Volunteer cotton plants occasionally establish in subsequent crops, but they generally do not survive the winter, except in unusually mild winters in the southernmost U.S. states (Wozniak 2002; York et al. 2004). Because so much of the cotton grown in the United States is herbicide-resistant, the greatest potential for commingling of herbicide-resistant cotton seeds with non–herbicide-resistant cotton seeds may occur during ginning if both types are processed at the same facility.

Grain Sorghum

The Sorghum genus includes (Sorghum versicolor Anderss.), a wild African grass (sometimes called bruinsaadgras); Sorghum bicolor (L.) Moench., which includes all sorghums, shattercane, and Sudangrass; sorghum-almum (Sorghum almum Parodi), a weak perennial weed; and johnsongrass [Sorghum halepense (L.) Pers.], a robust perennial and formidable weed throughout its range across the humid areas and irrigation ditches of the southern United States and Ohio River Valley.

The sorghums are wind-pollinated. All the cultivated sorghums are interfertile and spontaneously cross in the field. Arriola and Ellstrand (1996) reported that johnsongrass and grain sorghum cross-pollination rates can be as high as 100% at distances of 0.5 to 100 m. Grain sorghum cultivars with resistance to the ALS- and ACCase-inhibitor herbicides have been developed and licensed by Kansas State University. These herbicide-resistant cultivars are expected to be commercialized. Biotypes of johnsongrass that are resistant to ALS- and ACCase inhibitors, the dinitroanilines, and glyphosate have been reported in the midsouth region of the United States. The emergence and spread of herbicide-resistant populations of johnsongrass is a matter of economic concern in all row crops and along roadsides and other noncrop areas in the South, especially in the midsouth and southern plains. In this respect, the release of herbicide-resistant cultivars of sorghum that may contribute to evolution of new populations of herbicide-resistant johnsongrass is a concern.


Rice is an annual, predominantly self-pollinated crop with minimal cross-pollination potential; yet, gene flow of herbicide-resistance traits is a global issue because of the widespread occurrence of weedy rice in rice-producing regions and wild relatives in Asia, Africa, and Central America (Delouche et al. 2007). The herbicide-resistant rice technology was developed primarily to control weedy rice in rice production.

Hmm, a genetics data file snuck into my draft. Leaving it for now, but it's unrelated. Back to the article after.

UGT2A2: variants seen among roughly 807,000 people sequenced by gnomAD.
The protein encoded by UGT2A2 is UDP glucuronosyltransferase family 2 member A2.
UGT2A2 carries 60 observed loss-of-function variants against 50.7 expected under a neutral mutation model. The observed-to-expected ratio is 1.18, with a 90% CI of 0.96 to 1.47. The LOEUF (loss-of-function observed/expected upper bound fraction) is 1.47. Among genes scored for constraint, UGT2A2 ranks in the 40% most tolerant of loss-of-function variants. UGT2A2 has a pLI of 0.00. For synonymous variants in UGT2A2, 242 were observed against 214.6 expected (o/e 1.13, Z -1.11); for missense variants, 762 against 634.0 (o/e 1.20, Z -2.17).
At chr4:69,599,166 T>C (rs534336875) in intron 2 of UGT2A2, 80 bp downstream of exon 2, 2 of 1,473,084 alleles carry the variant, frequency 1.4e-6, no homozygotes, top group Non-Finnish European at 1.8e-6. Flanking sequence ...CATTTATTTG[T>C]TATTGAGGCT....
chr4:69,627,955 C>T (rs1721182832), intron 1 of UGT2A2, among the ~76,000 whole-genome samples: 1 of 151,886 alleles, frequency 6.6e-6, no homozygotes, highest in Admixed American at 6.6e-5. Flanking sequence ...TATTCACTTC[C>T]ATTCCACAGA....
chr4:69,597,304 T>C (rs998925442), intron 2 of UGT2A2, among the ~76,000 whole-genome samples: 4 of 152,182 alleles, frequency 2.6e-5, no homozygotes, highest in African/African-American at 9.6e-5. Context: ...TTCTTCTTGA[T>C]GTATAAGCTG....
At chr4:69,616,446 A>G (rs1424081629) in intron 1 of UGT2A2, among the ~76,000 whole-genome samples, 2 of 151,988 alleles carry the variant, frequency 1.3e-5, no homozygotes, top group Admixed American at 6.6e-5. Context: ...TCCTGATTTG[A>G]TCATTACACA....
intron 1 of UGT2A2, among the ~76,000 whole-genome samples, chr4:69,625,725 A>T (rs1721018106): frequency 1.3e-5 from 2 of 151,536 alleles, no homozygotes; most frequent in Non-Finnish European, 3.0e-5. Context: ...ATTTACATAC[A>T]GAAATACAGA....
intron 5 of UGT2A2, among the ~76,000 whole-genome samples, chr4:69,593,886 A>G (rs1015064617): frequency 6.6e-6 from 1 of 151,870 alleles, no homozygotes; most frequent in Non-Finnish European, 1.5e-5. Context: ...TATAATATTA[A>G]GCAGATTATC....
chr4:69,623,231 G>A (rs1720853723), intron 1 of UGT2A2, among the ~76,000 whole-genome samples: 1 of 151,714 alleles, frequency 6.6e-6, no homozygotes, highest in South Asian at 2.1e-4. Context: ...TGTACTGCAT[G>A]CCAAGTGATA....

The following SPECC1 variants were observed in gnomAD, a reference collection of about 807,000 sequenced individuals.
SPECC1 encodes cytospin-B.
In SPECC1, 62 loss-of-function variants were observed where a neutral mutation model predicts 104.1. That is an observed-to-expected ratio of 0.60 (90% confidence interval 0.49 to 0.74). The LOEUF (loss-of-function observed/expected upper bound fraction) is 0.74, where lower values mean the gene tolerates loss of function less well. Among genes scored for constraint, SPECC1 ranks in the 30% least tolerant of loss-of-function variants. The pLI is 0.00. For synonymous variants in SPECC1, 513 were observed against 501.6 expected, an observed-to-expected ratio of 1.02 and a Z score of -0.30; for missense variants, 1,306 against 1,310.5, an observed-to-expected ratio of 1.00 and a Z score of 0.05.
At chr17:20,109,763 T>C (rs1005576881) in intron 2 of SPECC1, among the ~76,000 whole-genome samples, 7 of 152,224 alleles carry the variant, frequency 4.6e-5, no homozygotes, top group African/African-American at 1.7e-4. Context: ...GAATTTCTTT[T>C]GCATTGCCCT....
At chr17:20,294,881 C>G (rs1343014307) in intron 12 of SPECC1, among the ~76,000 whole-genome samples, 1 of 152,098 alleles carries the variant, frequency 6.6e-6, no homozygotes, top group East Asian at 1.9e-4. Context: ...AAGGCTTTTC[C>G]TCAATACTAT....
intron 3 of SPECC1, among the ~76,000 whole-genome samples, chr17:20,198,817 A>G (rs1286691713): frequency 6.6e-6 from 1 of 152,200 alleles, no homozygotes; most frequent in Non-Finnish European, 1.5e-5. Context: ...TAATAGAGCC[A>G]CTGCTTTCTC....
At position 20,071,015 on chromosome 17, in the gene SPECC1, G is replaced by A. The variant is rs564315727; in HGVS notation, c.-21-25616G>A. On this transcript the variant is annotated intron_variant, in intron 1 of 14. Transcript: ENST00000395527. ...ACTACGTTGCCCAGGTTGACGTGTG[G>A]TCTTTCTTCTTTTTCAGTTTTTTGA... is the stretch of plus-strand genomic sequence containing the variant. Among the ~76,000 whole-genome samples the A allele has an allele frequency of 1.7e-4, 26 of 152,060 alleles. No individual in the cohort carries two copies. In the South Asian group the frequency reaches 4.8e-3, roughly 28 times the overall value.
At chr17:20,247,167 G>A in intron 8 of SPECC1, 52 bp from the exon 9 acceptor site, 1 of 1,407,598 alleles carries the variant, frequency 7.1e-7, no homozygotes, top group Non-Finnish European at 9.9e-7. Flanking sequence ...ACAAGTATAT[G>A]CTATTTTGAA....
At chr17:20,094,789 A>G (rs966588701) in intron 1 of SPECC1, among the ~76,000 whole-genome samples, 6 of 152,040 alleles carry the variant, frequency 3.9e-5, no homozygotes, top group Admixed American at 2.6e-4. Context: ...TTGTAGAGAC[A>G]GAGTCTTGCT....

Gene flow by seed is a concern because of seed movement from field to field via irrigation systems, farm machinery, and grain trucks. Elimination of the risk of commingling between non–herbicide-resistant and herbicide-resistant rice cultivars is practically impossible because of the bulk handling of rice grains from the farm to the shipping docks. The rice complex comprises seven wild and weedy species, five of which—rice (Oryza sativa L.), brownbeard rice/Indian wild rice (Oryza rufipogon Griffiths/Oryza nivara S.D. Sharma & Shastry), African rice (Oryza glaberrima Steud.), wild rice (Oryza barthii A. Chev.), and longstamen rice (Oryza longistaminata A. Chev. & Roehr.)—are weeds in rice fields worldwide (Vaughan et al. 2003). The Oryza species complex can interbreed (Vaughan et al. 2005); thus, their coexistence with cultivated rice results in gene flow via pollen and has produced morphologically and biologically diverse weedy rice populations (Shivrain et al. 2010a; Shivrain et al. 2010b), which reduces the overall efficacy of management tactics. To manage this most difficult weed problem in rice (that is, weedy rice), herbicide-resistant rice was developed. The nontransgenic, herbicide-resistant rice (Clearfield), which is resistant to the imidazolinone herbicides among the ALS inhibitor MOA group, is now widely adopted in the southern United States, with growers in Central and South America following closely behind. This technology is highly effective in controlling weedy rice with control generally above 95% (Avila et al. 2005a; Levy et al. 2006; Ottis et al. 2004; Steele et al. 2002). The bottleneck of this technology in rice are twofold: (1) the escape of herbicide-resistant trait to the weedy or wild relative, which produces herbicide-resistant weedy rice, and (2) selection for herbicide-resistant biotypes of not only weedy rice but also other major weed species in rice that are otherwise controlled by the ALS-inhibitor herbicides (e.g., flatsedge [Cyperus L.] spp., cockspur/barnyardgrass [Echinochloa P. Beauv.] spp., fringerush [Fimbristylis Vahl] spp.). Gene flow from herbicide-resistant rice (Clearfield and Liberty Link [Bayer CropScience, Monheim am Rein, Germany]) to weedy rice is well documented in Asia, Europe, and the Americas, showing pollen flow rates from 0.003% to 0.25% (Chen et al. 2004; Gealy 2005; Lentini and Espinosa 2005; Messeguer et al. 2004; Noldin et al. 2002; Sankula et al. 1998; Shivrain et al. 2006, 2007, 2008; Song et al. 2003; Zhang et al. 2003). These seemingly low numbers, however, have resulted in the presence of herbicide-resistant weedy rice in Arkansas rice fields with at least 2 yr of history with Clearfield rice (Singh et al. 2012). Herbicide-resistant weedy rice resulting from gene flow seems more prevalent in the tropical regions of Central America and South America (B. E. Valverde, personal communication), where there is no winter kill, and rice is generally planted twice a year.